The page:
If you want to understand fiat currency, think of an economy with no money at all where we just trade assets. The moneyless analogue of new money from the Fed eventually going to a mortgage is as follows: I want to build a new house, so I give the builders and the previous landowners shares of the house that is about to be built, with all this tracked by the bank. As I work for others and earn my own salary of other asset shares, mortgage payments effectively swap them for the ones on my house, until I own it entirely.

Fiat currency effectively blends all these asset shares into a homogeneous mixture so that we don't need a stupendous amount of information on hand about world assets to understand if we're getting ripped off in a transaction.

Debt is how money gets attached to assets in the way described above. Until we run out of things to build, i.e. societal endgame, there's no problem with the economy's total debt never being paid back.

Inflation targeting is, by definition, the maintenance of the common understanding of value mentioned above.

Interest is the market clearing price for building new assets, which must be controlled to prevent varying inflation/deflation breaking that common understanding of value.

RE: Dammit...
By The Von Matrices on 10/31/2013 10:41:23 PM , Rating: 2
Mining won't end any time soon. We are only in the 4th reward era, and the rewards for mining exponentially decline as more blocks are found. Found blocks in 2012 used to yield 50 BTC, now they yield 25BTC and will continue declining by half every 4 years. The current estimate is that all blocks will be found in the year 2140, which is too far away to worry about.

Yes, Bitcoin at the moment rapidly deflates, which I agree is one of its current biggest hindrances toward its use as a currency. But as Bitcoin catches on, its value will increase and its deflation rate will decrease to a point only slightly more than zero. At that point there will be little incentive to hoard coins.

The biggest advantage of Bitcoin is that it isn't government controlled. Your assets will change in value based on their fiscal merits rather than how an economist thinks the world should work.

However, there is still one hurdle I worry about that Bitcoin has yet to overcome. The block size of 1MB is too small to hold all the transactions as the currency becomes more popular. Very soon more than 1MB of transactions will occur before the next 1MB block is mined, and a queue of overflow transactions will begin to form waiting to write to the next block. This will result in transaction processing requiring more and more time to occur, and the inability to complete transactions could kill the currency.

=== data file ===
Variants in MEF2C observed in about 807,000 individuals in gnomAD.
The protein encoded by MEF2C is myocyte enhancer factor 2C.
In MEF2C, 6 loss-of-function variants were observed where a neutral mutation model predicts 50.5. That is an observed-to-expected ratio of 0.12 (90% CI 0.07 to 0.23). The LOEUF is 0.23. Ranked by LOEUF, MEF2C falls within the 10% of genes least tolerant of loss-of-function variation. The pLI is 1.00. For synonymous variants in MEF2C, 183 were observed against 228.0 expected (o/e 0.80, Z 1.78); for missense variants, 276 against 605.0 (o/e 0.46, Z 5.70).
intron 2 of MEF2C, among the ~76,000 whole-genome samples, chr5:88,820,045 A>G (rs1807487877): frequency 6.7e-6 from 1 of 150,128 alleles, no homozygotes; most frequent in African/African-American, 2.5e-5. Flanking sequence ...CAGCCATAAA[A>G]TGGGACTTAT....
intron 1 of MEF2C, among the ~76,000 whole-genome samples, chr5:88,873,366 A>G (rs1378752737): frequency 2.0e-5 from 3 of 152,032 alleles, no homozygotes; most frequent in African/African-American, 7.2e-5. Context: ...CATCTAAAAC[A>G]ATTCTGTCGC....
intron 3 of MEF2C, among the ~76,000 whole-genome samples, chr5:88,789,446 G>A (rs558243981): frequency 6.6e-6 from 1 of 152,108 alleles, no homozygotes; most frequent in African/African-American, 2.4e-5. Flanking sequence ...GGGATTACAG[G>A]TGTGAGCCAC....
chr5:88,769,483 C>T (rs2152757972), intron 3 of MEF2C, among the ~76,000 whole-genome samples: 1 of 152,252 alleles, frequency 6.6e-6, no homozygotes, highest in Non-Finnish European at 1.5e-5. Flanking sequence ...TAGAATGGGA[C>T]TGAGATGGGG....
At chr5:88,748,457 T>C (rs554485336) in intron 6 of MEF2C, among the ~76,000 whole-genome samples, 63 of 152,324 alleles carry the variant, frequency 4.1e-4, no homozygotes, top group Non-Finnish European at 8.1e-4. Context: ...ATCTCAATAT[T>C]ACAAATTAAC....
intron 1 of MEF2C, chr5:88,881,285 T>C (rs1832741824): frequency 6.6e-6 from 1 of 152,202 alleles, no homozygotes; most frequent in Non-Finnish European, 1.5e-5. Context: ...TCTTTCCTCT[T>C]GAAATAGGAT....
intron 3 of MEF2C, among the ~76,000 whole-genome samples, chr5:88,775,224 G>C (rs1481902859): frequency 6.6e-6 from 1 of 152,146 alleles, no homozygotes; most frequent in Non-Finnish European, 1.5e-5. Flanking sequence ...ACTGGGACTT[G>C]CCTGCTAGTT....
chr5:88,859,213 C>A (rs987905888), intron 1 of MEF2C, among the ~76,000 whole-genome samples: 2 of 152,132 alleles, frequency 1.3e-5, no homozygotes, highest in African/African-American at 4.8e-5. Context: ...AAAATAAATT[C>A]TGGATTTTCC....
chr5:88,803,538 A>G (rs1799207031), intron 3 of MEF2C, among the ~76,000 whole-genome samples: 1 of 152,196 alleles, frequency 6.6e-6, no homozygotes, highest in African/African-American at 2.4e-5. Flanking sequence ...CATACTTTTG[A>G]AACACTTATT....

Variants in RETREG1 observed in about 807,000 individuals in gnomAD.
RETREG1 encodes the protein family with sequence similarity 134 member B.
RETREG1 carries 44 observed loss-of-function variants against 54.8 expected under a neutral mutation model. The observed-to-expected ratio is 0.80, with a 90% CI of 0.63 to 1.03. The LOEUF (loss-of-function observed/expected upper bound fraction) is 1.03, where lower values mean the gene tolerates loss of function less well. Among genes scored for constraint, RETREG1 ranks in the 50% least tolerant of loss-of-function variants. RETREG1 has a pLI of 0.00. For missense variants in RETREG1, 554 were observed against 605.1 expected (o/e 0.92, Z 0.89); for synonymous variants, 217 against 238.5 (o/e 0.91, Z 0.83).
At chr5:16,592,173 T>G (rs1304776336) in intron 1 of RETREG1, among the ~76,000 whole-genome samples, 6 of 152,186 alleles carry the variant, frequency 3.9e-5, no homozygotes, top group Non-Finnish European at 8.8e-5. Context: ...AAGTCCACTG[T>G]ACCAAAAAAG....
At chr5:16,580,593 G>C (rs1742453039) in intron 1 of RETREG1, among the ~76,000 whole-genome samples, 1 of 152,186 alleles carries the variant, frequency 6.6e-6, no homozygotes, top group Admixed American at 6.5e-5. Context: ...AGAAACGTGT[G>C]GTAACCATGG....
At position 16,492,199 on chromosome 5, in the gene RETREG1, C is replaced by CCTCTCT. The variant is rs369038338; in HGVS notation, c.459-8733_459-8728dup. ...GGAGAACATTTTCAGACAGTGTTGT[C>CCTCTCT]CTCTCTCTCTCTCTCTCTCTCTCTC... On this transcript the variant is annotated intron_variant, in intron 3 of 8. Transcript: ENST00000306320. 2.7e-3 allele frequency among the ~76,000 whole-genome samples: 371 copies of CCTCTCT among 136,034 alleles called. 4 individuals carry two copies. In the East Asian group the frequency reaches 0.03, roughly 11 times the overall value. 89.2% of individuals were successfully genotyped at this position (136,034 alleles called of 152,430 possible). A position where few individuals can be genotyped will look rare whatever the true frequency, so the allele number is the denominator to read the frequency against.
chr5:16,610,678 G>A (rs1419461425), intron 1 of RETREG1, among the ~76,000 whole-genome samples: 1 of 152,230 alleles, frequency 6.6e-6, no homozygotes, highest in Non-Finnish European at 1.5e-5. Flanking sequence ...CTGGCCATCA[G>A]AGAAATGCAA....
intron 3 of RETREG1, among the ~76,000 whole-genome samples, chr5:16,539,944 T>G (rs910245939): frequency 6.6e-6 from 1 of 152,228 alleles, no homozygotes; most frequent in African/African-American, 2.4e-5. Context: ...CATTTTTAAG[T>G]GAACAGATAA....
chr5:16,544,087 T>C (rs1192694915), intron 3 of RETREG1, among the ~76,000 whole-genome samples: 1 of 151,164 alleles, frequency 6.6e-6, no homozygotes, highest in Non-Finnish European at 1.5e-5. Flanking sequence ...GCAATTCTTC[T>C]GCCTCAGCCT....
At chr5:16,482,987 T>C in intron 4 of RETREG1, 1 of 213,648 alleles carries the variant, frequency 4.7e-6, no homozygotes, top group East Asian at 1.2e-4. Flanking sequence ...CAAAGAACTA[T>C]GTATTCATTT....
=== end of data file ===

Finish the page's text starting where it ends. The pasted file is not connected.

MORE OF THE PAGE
I am hopeful that a revised protocol will form and the majority of miners will adopt this protocol thus making it the standard, but this won't happen until it is too late and a crisis forces it to be done (there is a tragedy of the commons, no individual has any incentive to avert the crisis). This crisis will result in the currency dipping in value as people try to unload their coins but can't because they have to wait for their transaction to process.

RE: Dammit...
By Jeffk464 on 11/4/2013 3:04:57 PM , Rating: 2
Money needs a "use it or lose it" incentive to keep people doing productive things so the economy will grow.

With your use it or lose it concept how do you expect people to ever be able to retire? By banking and investing money you are essentially buying your freedom from our corporate world.

RE: Dammit...
By Mint on 11/4/2013 5:58:11 PM , Rating: 2
Buy assets and sell them as needed. I know retirees are worried about assets losing value, but that's why we have social security as a fallback.

It would be great if we could magically store your labor to help you later in life, but we can't, and assets are the only way we can transmit productive value through time.

The "lose it" part - which is only 2% per year but should be a bit higher - is needed because an economy can't function if everyone saves. The wealthy are already doing too much saving in the last 5 years even with 2% inflation. Zero inflation or, more likely, deflation would make saving even more attractive than investing.

I would be open to a certain amount of cash in a 401k for debt-free individuals to get interest matching inflation, but choosing to turn money into an artificial asset of fixed supply would destroy the economy.

"So if you want to save the planet, feel free to drive your Hummer. Just avoid the drive thru line at McDonalds." -- Michael Asher